Electronic payments and e-payment systems have experienced steady advancements because of their unparalleled ease over the past several decades. With the COVID-19 epidemic, electronic payments’ need for and advantages have become even more apparent as consumer acceptance has soared. Paying suppliers promptly, reducing risk, increasing control, and increasing visibility benefits from moving to electronic payments. There’s a good reason why so many small and medium-sized firms are embracing electronic payments as a means of eliminating paper-based accounts payable processes.
What is it?
The term “e-payments” refers to the practice of performing financial transactions or paying bills electronically rather than with paper checks or cash.
- Credit cards, debit cards, virtual cards, and ACH payments (direct deposit, direct debit, and electronic checks) are the most common ways of electronic payment.
Paper, shipping, and labor costs associated with traditional B2B payments such as checks are all but eliminated when using electronic payment options.
Advantages of Electronic Payments
Many businesses and their suppliers benefit significantly from electronic payments or e-payments systems. The advantages of e-payments in accounts payable outweigh the disadvantages in terms of cost, improved relationships, increased visibility, and greater security.
- A reduction in the time and money spent on printing, signing, stuffing, and mailing checks can be achieved by electronically processing as many payments as possible. Implementing a comprehensive e-payments strategy may save as much as 80% of processing expenses.
- Businesses may strengthen vendor relations by supporting faster, more secure payments incorporating extensive remittance data for more straightforward reconciliation.
- Enhanced Payment Security: Electronic payments are naturally more secure than paper checks, and particular systems such as virtual cards give even more security against fraud. On the other hand, best-in-class electronic payment systems offer extra security measures and controls.
- E-payment solutions give your company more visibility into payment statuses, financial indicators, and audit trails. They also save money by reducing the likelihood of data entry errors.
Types of Electronic Payment Systems
Let’s look at the advantages and disadvantages of the electronic payment types.
1. Credit Card
With a credit card, you may borrow the money from card providers up to a predetermined limit, most typically used for retail transactions. You can use it in a better way.
- Pros: Because the business starts these transactions and is paid from the cardholder’s credit line, they are fast and personable.
- Cons: Vendors may refuse to take credit cards because of the processing fees. As a result, a plastic card with a single number that may be used for all transactions is vulnerable to fraud.
2. Debit Card
As with credit cards, most debit card transactions are initiated by the store where the customer is making the purchase. Instead of using the cardholder’s credit line, these transactions use the cardholder’s bank account.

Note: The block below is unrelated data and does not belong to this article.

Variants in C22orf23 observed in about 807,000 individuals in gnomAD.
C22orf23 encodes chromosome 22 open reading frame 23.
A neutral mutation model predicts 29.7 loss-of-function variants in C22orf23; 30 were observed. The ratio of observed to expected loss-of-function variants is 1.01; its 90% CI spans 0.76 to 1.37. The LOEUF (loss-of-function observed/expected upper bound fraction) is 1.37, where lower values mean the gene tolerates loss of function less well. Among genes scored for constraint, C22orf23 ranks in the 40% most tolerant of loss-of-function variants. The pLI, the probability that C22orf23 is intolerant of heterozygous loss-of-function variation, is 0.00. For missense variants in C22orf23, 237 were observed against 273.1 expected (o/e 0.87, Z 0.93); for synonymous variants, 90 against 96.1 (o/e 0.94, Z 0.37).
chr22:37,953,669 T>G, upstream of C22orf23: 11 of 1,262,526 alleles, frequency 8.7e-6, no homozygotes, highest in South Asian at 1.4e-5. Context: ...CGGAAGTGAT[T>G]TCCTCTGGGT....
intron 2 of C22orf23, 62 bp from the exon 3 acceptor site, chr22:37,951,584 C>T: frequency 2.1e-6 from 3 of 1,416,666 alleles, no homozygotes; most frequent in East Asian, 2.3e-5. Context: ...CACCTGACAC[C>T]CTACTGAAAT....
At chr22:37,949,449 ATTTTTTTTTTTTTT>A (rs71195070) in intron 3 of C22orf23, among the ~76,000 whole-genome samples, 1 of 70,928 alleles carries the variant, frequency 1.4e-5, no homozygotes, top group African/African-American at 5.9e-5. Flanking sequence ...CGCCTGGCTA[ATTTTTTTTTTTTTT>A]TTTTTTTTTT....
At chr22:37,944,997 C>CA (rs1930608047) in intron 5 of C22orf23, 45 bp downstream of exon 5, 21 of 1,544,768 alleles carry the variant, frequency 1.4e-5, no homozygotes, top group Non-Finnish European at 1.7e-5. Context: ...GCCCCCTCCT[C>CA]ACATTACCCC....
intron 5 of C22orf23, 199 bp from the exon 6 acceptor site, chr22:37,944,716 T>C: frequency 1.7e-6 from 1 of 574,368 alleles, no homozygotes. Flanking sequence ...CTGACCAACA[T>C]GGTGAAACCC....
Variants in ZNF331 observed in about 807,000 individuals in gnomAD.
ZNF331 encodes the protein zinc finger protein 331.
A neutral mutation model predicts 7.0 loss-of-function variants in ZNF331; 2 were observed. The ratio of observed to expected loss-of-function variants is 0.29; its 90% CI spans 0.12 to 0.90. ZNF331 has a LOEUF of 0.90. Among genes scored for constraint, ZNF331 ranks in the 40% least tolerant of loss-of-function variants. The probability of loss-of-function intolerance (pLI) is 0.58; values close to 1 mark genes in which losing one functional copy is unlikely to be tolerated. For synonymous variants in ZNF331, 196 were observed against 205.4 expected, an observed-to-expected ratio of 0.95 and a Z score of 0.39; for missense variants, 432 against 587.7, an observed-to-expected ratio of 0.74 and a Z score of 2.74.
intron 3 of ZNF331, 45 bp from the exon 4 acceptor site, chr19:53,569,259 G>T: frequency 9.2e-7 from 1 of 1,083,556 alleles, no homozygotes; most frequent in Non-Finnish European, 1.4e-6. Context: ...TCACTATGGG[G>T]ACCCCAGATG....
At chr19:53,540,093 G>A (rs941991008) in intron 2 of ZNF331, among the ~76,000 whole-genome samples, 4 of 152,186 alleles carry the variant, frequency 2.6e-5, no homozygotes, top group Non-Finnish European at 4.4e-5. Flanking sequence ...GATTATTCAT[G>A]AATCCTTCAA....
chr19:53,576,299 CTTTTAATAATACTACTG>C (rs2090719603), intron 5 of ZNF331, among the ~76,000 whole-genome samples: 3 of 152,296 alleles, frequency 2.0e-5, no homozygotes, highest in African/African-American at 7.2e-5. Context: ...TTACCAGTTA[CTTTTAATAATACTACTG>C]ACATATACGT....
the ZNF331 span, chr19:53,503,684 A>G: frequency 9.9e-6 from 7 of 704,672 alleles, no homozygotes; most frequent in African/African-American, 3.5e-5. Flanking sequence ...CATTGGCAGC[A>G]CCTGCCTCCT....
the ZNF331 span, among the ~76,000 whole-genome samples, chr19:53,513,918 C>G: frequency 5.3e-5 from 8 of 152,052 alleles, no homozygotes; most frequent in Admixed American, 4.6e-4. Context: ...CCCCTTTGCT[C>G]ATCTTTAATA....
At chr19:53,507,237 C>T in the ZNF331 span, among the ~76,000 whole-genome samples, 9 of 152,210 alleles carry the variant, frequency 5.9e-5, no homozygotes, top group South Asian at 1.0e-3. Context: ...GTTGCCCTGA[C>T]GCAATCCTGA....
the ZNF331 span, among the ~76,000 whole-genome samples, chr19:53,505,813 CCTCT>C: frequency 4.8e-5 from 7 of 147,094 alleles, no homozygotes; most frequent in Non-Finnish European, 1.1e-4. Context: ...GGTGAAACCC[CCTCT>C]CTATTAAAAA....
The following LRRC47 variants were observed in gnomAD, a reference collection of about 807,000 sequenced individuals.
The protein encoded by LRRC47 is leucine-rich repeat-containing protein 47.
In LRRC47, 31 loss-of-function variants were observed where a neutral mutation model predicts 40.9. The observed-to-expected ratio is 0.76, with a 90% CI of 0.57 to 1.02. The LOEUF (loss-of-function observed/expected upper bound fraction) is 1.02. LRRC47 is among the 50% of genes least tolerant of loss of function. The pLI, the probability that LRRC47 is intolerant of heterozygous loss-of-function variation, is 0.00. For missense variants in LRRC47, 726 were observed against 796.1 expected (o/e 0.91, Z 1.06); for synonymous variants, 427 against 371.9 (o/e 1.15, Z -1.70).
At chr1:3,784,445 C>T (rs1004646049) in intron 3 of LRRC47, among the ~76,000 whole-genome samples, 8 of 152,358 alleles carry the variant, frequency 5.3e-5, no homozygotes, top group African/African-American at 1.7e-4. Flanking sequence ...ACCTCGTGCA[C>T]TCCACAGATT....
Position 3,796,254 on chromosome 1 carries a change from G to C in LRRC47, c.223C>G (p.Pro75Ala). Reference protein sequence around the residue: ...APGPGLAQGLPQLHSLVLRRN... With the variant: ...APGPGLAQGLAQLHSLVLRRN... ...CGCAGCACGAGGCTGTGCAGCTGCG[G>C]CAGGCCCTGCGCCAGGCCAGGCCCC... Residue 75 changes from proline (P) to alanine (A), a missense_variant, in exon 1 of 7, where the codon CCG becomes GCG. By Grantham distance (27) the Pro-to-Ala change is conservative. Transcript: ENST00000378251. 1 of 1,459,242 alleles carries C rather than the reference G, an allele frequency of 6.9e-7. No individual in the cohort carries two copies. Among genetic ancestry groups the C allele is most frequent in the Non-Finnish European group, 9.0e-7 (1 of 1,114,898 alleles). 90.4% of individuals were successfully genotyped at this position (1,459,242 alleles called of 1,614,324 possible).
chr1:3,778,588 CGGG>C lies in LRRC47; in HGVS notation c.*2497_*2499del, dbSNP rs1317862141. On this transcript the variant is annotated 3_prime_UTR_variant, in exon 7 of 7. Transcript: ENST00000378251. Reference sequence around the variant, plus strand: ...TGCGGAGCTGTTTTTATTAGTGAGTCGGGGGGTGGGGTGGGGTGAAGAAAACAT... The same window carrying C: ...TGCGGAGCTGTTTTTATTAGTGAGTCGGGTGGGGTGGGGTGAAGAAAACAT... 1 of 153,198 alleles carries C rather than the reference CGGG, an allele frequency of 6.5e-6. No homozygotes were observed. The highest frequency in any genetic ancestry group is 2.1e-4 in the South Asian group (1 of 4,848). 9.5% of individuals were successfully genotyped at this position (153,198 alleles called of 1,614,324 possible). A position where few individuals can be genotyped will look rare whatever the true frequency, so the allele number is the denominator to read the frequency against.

- Pros: Positive aspects of accepting debit card payments include the security of knowing exactly when and how much money will be sent to the seller.
- Cons: A disadvantage of using a debit card is that it provides minimal security for buyers while still being as inexpensive as accepting a credit card.
3. Virtual Card
Firms may produce 16-digit numbers that can only be used once and are permitted to pay a specified amount using a virtual card.
- Pros: Virtual cards are entirely free to the customer, fast, and safe, thanks to a procedure called payment tokenization, which assures that the business’s account bank information cannot be accessed. Business owners can take advantage of rebates on purchases.
- Cons: Compared with other payment options, virtual cards are currently being accepted by a lesser percentage of companies and suppliers.
4. Direct Debit Pull from ACH
Payroll methods like direct transfer and online payments are the most famous examples. In the case of ACH debit pulls, the payer or vendor starts a “draw” of money from the payer’s account.
- Pros: For the most part, ACH debit draws are inexpensive, if not completely free.
- Cons: However, because sellers have accessibility to your account details, this payment method is more time consuming and risky than others.
5. Direct credit Pull from ACH
Vendor payments are the most prevalent usage for this type of payment. Pushing cash out of the payer’s account is a distinct feature of ACH credit push, which works in the same way as a digital batch payment system.
- Pros: ACH payments are substantially less expensive to execute than credit card payments and allow for one-time or regular payments, making them ideal for small businesses.
- Cons: A disadvantage of ACH credit pushes is that banks charge a fee for processing, unlike ACH debit pulls.
Furthermore, the use of accurate account information in ACH payments raises risk. In general, these services are only open to more prominent organizations with huge payment volumes. Transaction data is not automatically sent when using ACH debit pulls or ACH credit pushes, resulting in more excellent time reconciling bills.
Matthew is a Co-Founder at BusinessFinanceArticles.org. Matthew was a floor manager at a local restaurant in Wales. He lost his job after the pandemic and took initiative to make a team and start the project.
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